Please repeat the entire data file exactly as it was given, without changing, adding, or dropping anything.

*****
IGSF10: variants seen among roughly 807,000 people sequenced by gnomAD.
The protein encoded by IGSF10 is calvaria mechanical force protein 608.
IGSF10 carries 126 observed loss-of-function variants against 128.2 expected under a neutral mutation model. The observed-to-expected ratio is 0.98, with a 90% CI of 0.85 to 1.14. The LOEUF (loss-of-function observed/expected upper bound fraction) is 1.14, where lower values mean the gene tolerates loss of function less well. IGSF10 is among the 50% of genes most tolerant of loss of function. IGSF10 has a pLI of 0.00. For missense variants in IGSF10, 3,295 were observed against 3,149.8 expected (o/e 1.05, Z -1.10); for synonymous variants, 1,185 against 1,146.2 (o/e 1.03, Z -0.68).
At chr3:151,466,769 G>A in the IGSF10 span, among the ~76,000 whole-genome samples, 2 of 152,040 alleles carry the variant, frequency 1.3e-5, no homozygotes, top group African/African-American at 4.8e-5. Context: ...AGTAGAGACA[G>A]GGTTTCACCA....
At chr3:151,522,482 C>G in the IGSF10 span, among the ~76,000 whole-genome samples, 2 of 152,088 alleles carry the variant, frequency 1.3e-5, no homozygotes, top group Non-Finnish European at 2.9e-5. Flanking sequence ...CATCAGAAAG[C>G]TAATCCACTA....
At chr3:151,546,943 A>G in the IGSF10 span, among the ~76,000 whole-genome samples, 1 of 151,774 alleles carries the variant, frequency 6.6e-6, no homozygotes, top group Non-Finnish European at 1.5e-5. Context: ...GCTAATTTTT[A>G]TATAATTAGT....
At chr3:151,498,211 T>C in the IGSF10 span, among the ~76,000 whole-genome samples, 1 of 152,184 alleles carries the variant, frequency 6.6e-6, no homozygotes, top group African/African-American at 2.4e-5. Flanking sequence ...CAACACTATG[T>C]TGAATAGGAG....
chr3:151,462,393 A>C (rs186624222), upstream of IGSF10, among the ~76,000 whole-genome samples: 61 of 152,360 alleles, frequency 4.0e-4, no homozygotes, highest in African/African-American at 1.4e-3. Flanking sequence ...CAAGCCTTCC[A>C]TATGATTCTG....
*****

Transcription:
IGSF10: variants seen among roughly 807,000 people sequenced by gnomAD.
The protein encoded by IGSF10 is calvaria mechanical force protein 608.
IGSF10 carries 126 observed loss-of-function variants against 128.2 expected under a neutral mutation model. The observed-to-expected ratio is 0.98, with a 90% CI of 0.85 to 1.14. The LOEUF (loss-of-function observed/expected upper bound fraction) is 1.14, where lower values mean the gene tolerates loss of function less well. IGSF10 is among the 50% of genes most tolerant of loss of function. IGSF10 has a pLI of 0.00. For missense variants in IGSF10, 3,295 were observed against 3,149.8 expected (o/e 1.05, Z -1.10); for synonymous variants, 1,185 against 1,146.2 (o/e 1.03, Z -0.68).
At chr3:151,466,769 G>A in the IGSF10 span, among the ~76,000 whole-genome samples, 2 of 152,040 alleles carry the variant, frequency 1.3e-5, no homozygotes, top group African/African-American at 4.8e-5. Context: ...AGTAGAGACA[G>A]GGTTTCACCA....
At chr3:151,522,482 C>G in the IGSF10 span, among the ~76,000 whole-genome samples, 2 of 152,088 alleles carry the variant, frequency 1.3e-5, no homozygotes, top group Non-Finnish European at 2.9e-5. Flanking sequence ...CATCAGAAAG[C>G]TAATCCACTA....
At chr3:151,546,943 A>G in the IGSF10 span, among the ~76,000 whole-genome samples, 1 of 151,774 alleles carries the variant, frequency 6.6e-6, no homozygotes, top group Non-Finnish European at 1.5e-5. Context: ...GCTAATTTTT[A>G]TATAATTAGT....
At chr3:151,498,211 T>C in the IGSF10 span, among the ~76,000 whole-genome samples, 1 of 152,184 alleles carries the variant, frequency 6.6e-6, no homozygotes, top group African/African-American at 2.4e-5. Flanking sequence ...CAACACTATG[T>C]TGAATAGGAG....
chr3:151,462,393 A>C (rs186624222), upstream of IGSF10, among the ~76,000 whole-genome samples: 61 of 152,360 alleles, frequency 4.0e-4, no homozygotes, highest in African/African-American at 1.4e-3. Flanking sequence ...CAAGCCTTCC[A>C]TATGATTCTG....